By Courtney Nguyen
November 05, 2012

Andy Murray Andy Murray dropped the first set, but rallied to beat Tomas Berdych at the ATP Finals. (Getty Images)

LONDON -- It was difficult to know what to expect when Andy Murray took to the bright blue courts at the O2 Arena to kick off the singles competition at the ATP World Tour Finals. This was, of course, his first match in London since he backed up gold at the Olympics with his first Slam title at the U.S. Open a few weeks later. He's come back to London as Murray the Ghostbuster, the man who finally let Fred Perry -- the last British man to win a Slam in 1936 -- to rest in peace and not be marched out every time Murray took the court.

After a summer that saw the raucous Olympic crowds in London, you would think that the feel-good ethos of being loud and proud for your hometown athletes would rub off on the British tennis public. This was the guy they spent the summer cheering for -- they were cheering for him, right? -- and this was their chance to welcome him home. But the crowd, though vocal, was no louder than it was last year as Murray emerged from the smoky tunnel to polite applause. The relatively lukewarm response even surprised his first round opponent, Tomas Berdych.

"I was maybe expecting more. But as I said yesterday, you know, the crowd here is just great. It's just a great showdown of the tennis."

Regardless of whether the roar broke any decibel meters, the reception clearly meant a lot to Murray. He seemed to stifle a shy grin as he bowed his head and waved to the crowd. The support of the British public that he says buoyed his success after Wimbledon still resonated.

"The noise and the atmosphere at the beginning of the match was great," Murray said. "Like I say, at this stage of the year, that does help to give you a little boost, you know, rather than coming out playing flat."

Murray came firing out of the gate and looked to be the man with the clearer purpose. Still, there would be no sitting back and trying to out-rally Berdych from the baseline. Murray took the initiative early, stepping into his forehand and it was the big-hitting Berdych who was content pushing balls back. But his ability to get deep into Berdych's service games were for naught. Murray had seven break points in the first set and couldn't convert a single one, and as his frustration mounted, his focus waned and Berdych took the first set 6-3.

But Murray flipped the script in the second set. This time he was the one under immediate pressure and forced to save break points, which he did. Berdych would go 0 for 3 on break points in the second set and Murray tightened up his game, storming back to take the second set 6-3 and then cruising in the third set to win 3-6, 6-3, 6-4.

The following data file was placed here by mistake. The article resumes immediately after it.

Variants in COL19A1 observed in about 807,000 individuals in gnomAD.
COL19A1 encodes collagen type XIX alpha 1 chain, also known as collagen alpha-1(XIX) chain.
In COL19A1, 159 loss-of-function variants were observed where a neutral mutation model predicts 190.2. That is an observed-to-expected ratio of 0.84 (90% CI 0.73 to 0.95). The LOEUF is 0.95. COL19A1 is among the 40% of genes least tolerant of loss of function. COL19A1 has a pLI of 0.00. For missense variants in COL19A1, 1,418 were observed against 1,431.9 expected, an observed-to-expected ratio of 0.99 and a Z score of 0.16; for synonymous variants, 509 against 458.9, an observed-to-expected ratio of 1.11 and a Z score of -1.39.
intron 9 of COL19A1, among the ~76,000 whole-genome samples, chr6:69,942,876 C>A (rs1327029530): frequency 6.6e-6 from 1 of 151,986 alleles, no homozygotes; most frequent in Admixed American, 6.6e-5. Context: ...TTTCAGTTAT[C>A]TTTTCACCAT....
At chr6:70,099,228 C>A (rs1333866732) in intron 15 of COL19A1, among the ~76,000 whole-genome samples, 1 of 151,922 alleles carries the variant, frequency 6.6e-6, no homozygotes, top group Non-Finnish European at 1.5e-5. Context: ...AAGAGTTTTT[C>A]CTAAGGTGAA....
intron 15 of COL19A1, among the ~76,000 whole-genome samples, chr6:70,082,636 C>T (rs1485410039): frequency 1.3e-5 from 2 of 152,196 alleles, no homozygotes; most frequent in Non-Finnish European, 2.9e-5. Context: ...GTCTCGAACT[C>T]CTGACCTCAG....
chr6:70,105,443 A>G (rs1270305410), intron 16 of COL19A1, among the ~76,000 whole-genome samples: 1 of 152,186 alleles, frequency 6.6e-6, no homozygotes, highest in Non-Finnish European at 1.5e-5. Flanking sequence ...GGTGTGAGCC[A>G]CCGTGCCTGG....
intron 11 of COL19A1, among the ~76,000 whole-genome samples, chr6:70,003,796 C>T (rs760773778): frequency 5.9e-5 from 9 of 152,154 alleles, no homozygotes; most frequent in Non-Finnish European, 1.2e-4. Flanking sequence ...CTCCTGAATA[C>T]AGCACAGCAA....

As great as his last few months have been, Murray needs a strong showing here in London. For all the talk of Murray now inhabiting that elite space alongside Novak, Roger and Rafa thanks to his New York triumph, Murray is still the weak link of that Fab Four because he hasn't proven reliable outside of the Slams this year. This is a guy who can beat Roger Federer on grass one week and lose to Jeremy Chardy or Milos Raonic the next. It could be that Murray has somehow evolved solely into a big stage player, which isn't a bad thing. But I'm pretty playing the World Tour Finals in your hometown after your maiden Slam title counts as a big stage. Failure to get out of the group stage would be disappointing.

Murray's win sets up a possible second round match against Djokovic on Wednesday. They've played some memorable matches this year, but Murray says the only thing he knows for sure about their matchups is that they're going to hurt. A lot.

"Both of us are good retrievers, so often the points will go on a lot," Murray said. Sometimes you maybe feel like you need to win that point two or three times, which is tough and can b a bit tiring. But, I mean, we've played each other enough to know what to expect. We do practice with eaach other quite a lot too. But it's never quite the same as the matches, that's for sure."

A few other thoughts on the World Tour Finals:

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Group A is the one to watch: With three of the four semifinalists of the last Slam of the season drawn together, each round-robin match in this group is a must-watch. You have to like Novak's chances to get out of this group given his consistency. That said, his curious loss to Sam Querrey last week in Paris and having his father (who is recuperating in a hospital in Serbia after suffering an acute respiratory illness) on his mind leaves enough room for doubt.

Player of the Year on the line: The top ranking may be off the table, but bragging rights for the ATP's unofficial Player of the Year are still very much in play. We've already seen it on the women's side, with Victoria Azarenka finishing at No. 1 but Serena Williams racking up the titles and wins that matter and sitting at No. 3. If Djokovic can come through to win his first Tour Final since 2008, he'll end his season with the perfect coda: a Slam title and five Tour titles to go with it. For Federer, a win would create a Serena-like debate, as he would own a Slam title, Olympic silver medal, and seven titles on the year, but be ranked behind Djokovic. As for Murray, could his first World Tour Finals title put him in the PoY conversation? Sure, but it depends on who he beats to do it. Knock off Djokovic (possibly twice) and Federer, and it's not a ludicrous debate.

Spoiler alert:

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